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Tennis referee's DNA not found on presumed murder weapon: lawyer

By Alex Dobuzinskis

LOS ANGELES (Reuters) - Investigators have found no DNA link between a professional tennis referee charged with killing her husband and the coffee mug police say she used to bludgeon him to death, the woman's attorney said on Thursday.

Lois Goodman, 70, was arrested in August while she was preparing to officiate at the U.S. Open Tennis Championships and accused of killing her 80-year-old husband, Alan Goodman, at their home in Los Angeles on April 17.

"The DNA on the coffee cup came back solely to the husband and not to Ms. Goodman, which supports our theory that the husband was holding the cup and then he fell on the cup, and that accounts for the shattered pieces of the cup being embedded in the right side of his head," attorney Robert Sheahen said.

The DNA testing results were included in exchanges of materials between defense attorneys and prosecutors as part of the pre-trial discovery process, Sheahen said.

Sandi Gibbons, a spokeswoman for the Los Angeles District Attorney's Office, declined to comment on Sheahen's statements.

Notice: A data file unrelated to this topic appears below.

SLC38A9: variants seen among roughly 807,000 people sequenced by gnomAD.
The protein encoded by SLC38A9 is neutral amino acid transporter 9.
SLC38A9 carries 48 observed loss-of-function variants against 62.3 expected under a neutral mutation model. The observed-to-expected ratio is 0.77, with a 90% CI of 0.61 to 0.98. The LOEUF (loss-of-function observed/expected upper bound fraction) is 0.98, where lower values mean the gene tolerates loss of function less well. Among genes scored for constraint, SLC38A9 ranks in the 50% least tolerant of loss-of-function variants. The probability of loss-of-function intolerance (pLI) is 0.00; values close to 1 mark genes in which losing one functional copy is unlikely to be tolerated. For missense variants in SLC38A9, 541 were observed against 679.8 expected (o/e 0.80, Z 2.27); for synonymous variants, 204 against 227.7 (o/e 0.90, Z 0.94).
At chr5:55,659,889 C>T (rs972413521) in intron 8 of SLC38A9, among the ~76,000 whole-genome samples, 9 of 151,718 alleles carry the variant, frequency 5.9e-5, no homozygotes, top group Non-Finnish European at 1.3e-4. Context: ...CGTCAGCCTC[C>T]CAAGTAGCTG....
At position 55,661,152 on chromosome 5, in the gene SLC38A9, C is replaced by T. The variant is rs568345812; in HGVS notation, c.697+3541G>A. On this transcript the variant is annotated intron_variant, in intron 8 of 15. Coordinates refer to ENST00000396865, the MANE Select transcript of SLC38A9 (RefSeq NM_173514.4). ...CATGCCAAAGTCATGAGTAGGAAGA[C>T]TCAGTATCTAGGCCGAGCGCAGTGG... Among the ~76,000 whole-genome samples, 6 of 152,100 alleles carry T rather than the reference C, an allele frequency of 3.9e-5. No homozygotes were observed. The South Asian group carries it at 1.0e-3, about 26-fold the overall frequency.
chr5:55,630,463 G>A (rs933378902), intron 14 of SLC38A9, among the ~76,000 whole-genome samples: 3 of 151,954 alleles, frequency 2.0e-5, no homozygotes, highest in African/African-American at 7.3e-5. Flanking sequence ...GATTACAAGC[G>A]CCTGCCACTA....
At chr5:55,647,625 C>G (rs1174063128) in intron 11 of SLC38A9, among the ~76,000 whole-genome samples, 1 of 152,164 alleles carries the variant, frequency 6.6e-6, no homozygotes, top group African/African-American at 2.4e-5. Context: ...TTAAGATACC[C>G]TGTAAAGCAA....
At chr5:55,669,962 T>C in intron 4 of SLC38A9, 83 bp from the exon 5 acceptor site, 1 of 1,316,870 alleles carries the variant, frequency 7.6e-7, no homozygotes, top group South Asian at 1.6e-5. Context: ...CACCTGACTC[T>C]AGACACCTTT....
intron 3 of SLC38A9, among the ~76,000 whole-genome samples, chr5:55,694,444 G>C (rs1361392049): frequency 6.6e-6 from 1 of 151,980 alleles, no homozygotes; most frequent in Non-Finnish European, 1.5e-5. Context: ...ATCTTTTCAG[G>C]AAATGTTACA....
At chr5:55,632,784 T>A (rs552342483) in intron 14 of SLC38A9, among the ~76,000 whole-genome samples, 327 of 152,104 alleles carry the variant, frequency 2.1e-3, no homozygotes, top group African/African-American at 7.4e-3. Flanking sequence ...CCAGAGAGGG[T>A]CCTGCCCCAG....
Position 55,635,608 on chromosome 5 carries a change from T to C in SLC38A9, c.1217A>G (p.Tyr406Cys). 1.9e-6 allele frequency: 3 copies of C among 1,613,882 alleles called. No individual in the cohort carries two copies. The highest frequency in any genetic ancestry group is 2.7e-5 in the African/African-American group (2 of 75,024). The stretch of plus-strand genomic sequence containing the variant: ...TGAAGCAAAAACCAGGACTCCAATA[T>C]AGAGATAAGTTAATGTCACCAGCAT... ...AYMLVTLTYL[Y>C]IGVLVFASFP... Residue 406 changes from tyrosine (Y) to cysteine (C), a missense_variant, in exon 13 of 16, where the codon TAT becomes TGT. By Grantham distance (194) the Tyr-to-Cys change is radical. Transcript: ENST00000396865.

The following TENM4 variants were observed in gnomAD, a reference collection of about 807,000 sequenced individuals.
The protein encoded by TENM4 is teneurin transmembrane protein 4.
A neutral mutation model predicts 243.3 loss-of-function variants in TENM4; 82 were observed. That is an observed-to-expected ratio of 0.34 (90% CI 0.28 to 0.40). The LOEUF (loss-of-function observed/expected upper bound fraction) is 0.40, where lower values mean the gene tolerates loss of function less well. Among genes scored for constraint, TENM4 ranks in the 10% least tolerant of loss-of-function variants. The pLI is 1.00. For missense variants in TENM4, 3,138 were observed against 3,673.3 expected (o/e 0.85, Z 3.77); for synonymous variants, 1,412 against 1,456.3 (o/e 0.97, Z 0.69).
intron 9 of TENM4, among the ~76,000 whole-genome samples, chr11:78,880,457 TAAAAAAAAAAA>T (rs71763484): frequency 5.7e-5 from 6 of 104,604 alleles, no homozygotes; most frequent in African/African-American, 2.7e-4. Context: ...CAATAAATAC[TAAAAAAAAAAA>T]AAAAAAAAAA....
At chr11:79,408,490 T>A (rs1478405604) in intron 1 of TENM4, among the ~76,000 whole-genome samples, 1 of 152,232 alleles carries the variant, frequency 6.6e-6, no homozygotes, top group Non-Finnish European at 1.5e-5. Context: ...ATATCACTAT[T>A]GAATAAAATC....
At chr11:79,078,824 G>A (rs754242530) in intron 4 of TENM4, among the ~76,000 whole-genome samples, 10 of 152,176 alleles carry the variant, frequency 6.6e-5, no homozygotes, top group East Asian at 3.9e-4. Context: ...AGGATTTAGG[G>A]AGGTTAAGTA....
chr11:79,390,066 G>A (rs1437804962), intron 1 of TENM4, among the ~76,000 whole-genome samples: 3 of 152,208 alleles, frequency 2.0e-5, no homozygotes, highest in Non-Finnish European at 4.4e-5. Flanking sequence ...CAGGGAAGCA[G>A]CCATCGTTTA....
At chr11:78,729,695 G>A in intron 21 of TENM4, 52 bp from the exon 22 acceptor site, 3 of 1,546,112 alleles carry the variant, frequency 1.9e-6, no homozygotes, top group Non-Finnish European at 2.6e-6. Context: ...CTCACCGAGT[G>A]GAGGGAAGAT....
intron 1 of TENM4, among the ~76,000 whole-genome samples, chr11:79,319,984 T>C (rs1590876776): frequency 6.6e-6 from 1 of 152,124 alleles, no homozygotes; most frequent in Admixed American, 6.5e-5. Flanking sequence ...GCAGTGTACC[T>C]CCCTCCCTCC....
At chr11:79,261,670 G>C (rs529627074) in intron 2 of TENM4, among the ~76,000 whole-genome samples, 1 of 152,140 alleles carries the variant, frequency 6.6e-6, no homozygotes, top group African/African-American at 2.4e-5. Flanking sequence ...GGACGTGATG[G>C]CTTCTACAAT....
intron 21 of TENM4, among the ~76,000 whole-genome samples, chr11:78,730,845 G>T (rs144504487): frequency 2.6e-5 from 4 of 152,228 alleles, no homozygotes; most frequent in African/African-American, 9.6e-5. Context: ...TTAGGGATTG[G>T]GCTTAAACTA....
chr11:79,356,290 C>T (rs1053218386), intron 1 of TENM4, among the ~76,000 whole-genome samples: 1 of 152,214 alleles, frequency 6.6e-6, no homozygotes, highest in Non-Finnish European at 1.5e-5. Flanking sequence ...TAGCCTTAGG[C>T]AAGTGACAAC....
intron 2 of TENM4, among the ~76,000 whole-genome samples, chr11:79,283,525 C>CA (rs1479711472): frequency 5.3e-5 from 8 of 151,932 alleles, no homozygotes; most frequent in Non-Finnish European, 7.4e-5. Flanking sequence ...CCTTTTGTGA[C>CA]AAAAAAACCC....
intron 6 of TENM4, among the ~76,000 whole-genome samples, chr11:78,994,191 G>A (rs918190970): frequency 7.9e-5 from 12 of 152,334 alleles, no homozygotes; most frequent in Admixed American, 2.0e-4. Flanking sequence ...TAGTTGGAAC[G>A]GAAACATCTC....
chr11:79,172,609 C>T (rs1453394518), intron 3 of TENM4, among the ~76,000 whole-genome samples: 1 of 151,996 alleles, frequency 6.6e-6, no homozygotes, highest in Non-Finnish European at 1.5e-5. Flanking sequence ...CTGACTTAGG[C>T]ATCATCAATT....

"We're not going to try this case outside of court and we're not going to comment on the evidence until it's actually testified to in the court of law," Gibbons said.

The defense discussion of the DNA testing came one month after Goodman's lawyers said she had passed a lie detector test set up by her attorneys in which she denied killing her husband.

Sheahen said the polygraph results had been shared with prosecutors. But under California law, the test cannot be presented in court unless both prosecutors and defense attorneys agree, which Sheahen acknowledged is unlikely.

The next hearing in the case is scheduled for December 7.

Prosecutor John Lewin of the major crimes division has been assigned to the case. Lewin has prosecuted a number of complex, high-profile trials, including one in 2007 where a former Los Angeles County sheriff's deputy was convicted in the 1991 murder of his wife, even though her body was never found.

Police said Goodman called authorities to report finding her husband dead in their home, with no sign of forced entry, and surmised he had fallen down some stairs after suffering a heart attack.

But details of her account aroused suspicions, and investigators found that the coffee cup was broken in a way that roughly matched the injuries on Alan Goodman's head.

Sheahen said Goodman was likely holding the mug and that, at the end of a fall down the stairs, he would have smashed his head against the cup.

Goodman is well known in tennis circles and had worked at the annual U.S. Open in recent years, serving most often as a line judge. A judge has allowed her to remain confined at home while the case proceeds.

(Editing by Peter Cooney)

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